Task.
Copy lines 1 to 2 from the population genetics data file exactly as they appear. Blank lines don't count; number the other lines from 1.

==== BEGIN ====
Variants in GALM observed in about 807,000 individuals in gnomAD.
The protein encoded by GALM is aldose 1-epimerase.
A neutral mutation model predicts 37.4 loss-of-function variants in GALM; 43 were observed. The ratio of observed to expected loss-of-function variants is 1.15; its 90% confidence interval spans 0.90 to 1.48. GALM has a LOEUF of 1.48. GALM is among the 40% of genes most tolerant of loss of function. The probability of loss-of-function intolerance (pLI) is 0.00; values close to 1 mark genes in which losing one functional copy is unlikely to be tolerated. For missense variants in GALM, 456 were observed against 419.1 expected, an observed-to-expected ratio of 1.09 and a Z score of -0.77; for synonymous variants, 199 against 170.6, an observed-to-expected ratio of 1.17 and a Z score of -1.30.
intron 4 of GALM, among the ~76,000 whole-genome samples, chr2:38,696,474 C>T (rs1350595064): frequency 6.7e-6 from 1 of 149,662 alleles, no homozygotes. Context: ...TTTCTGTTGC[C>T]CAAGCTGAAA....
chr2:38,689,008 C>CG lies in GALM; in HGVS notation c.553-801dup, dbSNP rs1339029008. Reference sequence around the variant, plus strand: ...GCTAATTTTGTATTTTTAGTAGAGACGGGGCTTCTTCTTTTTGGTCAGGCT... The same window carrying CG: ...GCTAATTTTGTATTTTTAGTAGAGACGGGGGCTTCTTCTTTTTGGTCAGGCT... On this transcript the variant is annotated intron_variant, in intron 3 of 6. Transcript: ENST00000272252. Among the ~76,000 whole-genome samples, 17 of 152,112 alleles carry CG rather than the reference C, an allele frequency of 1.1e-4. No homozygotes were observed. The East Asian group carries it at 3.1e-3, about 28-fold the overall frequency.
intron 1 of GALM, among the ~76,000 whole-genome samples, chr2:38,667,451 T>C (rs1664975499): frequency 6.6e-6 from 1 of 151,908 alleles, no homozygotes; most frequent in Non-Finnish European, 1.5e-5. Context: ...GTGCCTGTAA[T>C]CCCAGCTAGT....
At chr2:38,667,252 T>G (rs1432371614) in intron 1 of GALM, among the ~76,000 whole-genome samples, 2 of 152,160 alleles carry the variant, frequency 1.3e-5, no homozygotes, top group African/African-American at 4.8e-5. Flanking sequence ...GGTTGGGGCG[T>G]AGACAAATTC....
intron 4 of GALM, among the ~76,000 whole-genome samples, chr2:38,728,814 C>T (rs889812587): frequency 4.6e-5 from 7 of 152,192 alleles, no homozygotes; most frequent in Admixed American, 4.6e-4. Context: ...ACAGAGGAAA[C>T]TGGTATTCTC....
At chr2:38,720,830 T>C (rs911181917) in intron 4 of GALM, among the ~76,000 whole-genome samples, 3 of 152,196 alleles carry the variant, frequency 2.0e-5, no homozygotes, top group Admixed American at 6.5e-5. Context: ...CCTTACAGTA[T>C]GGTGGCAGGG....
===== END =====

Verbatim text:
Variants in GALM observed in about 807,000 individuals in gnomAD.
The protein encoded by GALM is aldose 1-epimerase.